Like so much of our knowledge of the ancient world, even the name "Cybele" comes to us through Greek sources. As residents of the Greek colonies discovered, the Mother Goddess had many names in Turkey, one of the most common being Kubaba. The Greeks translated that into Kybebe, and the Romans later translated it into Cybele... the modern name that we now use.
As the first millennium unfolded, Greece and Greek culture became the dominant force in the western world. This period is also characterized by the growing power of Persia, and a number of wars in which they briefly conquered the Near and Middle East, and then were driven out again. From the standpoint of religion, the worship of the Mother Goddess generally prospered and expanded, as a result of Greek and Phrygian patronage.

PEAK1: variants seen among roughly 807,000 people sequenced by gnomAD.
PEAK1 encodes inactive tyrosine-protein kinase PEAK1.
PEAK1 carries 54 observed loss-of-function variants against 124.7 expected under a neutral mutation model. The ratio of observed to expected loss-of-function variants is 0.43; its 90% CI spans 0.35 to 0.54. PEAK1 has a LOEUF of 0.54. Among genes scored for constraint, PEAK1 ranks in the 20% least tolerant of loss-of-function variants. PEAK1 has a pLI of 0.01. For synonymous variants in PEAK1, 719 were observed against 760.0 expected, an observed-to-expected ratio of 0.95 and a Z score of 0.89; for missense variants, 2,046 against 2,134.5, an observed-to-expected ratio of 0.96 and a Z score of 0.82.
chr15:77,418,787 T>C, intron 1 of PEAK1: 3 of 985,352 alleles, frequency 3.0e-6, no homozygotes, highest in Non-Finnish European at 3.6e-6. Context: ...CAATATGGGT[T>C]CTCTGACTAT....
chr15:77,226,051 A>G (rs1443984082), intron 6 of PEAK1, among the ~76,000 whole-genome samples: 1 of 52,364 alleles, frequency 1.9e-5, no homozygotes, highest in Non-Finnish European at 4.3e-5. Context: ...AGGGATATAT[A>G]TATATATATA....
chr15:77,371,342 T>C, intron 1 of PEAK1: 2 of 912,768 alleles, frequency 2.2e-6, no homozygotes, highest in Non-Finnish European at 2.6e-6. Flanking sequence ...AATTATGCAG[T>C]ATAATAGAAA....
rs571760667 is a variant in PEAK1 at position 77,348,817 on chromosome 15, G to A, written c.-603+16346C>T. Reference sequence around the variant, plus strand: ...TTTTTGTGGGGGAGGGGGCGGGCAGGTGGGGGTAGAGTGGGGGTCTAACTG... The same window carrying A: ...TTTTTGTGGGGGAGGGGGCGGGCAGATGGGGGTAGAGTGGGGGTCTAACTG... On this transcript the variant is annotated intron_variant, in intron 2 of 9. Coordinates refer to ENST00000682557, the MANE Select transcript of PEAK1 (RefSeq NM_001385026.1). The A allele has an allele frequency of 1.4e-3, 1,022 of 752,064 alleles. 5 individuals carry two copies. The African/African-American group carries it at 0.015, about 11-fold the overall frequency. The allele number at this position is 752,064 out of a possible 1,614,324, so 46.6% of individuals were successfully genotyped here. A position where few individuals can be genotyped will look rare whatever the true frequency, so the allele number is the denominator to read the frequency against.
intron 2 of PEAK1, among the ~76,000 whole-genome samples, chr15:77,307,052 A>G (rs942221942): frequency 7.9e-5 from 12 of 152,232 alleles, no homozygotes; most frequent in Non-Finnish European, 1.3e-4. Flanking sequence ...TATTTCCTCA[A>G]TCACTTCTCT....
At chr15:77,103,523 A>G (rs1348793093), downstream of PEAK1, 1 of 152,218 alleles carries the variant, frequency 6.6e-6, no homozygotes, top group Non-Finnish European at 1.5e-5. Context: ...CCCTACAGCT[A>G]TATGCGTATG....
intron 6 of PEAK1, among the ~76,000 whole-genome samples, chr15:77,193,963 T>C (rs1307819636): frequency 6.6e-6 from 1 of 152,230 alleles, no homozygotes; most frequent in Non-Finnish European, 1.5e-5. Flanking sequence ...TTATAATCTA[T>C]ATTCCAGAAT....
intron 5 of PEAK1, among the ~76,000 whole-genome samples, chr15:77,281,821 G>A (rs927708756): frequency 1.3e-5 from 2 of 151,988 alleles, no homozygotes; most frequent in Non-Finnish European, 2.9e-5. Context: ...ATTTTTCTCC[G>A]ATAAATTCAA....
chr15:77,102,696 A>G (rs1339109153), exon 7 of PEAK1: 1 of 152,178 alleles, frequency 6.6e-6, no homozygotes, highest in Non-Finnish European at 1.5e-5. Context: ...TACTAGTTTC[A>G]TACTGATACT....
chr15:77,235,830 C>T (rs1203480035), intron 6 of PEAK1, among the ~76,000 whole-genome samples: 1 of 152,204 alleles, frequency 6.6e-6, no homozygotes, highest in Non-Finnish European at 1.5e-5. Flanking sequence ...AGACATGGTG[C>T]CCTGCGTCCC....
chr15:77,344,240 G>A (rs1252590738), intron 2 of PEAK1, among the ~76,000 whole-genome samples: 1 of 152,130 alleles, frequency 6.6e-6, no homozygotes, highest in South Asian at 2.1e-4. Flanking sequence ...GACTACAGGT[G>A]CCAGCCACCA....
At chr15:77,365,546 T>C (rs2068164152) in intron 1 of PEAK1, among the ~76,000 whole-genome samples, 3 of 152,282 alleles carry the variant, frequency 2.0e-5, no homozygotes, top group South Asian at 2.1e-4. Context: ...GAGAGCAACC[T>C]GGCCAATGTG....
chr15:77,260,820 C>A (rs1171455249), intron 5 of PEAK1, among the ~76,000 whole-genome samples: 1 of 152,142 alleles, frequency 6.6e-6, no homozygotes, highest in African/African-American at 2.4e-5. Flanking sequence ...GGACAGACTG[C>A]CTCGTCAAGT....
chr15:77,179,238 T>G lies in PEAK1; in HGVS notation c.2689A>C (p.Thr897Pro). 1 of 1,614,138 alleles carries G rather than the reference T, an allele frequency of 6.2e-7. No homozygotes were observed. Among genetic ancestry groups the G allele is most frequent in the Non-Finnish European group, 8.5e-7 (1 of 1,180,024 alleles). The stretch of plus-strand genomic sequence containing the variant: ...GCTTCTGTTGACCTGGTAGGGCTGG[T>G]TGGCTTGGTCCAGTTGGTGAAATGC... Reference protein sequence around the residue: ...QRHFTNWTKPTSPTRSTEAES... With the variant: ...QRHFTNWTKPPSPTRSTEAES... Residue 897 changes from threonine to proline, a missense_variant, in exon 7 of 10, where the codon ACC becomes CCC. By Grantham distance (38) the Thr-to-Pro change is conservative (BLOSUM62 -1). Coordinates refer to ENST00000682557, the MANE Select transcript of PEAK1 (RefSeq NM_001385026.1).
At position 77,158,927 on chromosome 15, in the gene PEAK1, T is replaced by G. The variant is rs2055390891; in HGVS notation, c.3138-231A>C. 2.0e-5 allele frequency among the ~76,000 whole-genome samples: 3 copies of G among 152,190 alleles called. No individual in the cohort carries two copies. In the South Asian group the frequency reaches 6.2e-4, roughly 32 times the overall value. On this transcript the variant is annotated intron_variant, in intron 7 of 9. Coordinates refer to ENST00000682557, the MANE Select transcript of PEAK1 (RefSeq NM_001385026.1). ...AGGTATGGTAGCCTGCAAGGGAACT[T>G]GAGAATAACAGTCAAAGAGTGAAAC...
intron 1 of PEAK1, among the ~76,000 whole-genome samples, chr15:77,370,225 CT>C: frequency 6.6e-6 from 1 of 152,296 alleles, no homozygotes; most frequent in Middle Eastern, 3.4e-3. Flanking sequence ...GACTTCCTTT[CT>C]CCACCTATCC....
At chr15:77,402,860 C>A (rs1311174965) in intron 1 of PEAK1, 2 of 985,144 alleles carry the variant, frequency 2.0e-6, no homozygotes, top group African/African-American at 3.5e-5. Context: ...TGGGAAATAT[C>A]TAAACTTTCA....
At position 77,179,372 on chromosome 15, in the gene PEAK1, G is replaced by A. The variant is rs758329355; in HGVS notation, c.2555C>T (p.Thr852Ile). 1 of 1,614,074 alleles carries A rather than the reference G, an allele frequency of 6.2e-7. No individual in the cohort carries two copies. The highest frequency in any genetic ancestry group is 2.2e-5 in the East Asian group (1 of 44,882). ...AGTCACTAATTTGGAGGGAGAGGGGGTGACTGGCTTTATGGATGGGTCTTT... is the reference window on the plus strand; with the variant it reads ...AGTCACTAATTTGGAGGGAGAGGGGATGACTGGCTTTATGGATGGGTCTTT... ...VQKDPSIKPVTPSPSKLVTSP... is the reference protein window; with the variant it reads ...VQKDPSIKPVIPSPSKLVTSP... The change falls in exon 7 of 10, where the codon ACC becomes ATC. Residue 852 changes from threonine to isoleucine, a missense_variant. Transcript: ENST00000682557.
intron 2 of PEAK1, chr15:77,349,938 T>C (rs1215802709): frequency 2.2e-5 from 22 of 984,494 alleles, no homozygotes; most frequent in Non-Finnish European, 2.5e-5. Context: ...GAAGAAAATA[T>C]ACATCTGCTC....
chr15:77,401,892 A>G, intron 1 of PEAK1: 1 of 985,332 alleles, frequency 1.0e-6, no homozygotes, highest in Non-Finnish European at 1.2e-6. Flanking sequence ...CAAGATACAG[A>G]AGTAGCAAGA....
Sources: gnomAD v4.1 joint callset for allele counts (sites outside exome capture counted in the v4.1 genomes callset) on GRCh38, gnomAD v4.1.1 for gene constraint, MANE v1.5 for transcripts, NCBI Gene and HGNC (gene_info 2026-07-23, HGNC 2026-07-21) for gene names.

One of the most interesting and significant aspects of the religion was the ability of some of the Priestesses, who were known as Sibyls , to receive prophetic communications from the Goddess, through dreams or visions. Exactly when this practice began is uncertain, however we find references to it from very early times... for example in the Mari tablets , which date to around 1800 BCE.
The Greeks were quick to realize the value of prophecy, and maintained several major temples in the region of the Aegean Sea, that each had a Sibyl. Typically, the Sibyl was served by her own staff of Priestesses from the temple of Cybele... and later, the Sibyl began to also supervise another group of Priestesses, who were known as Oracles, and worked at a nearby temple dedicated to Apollo.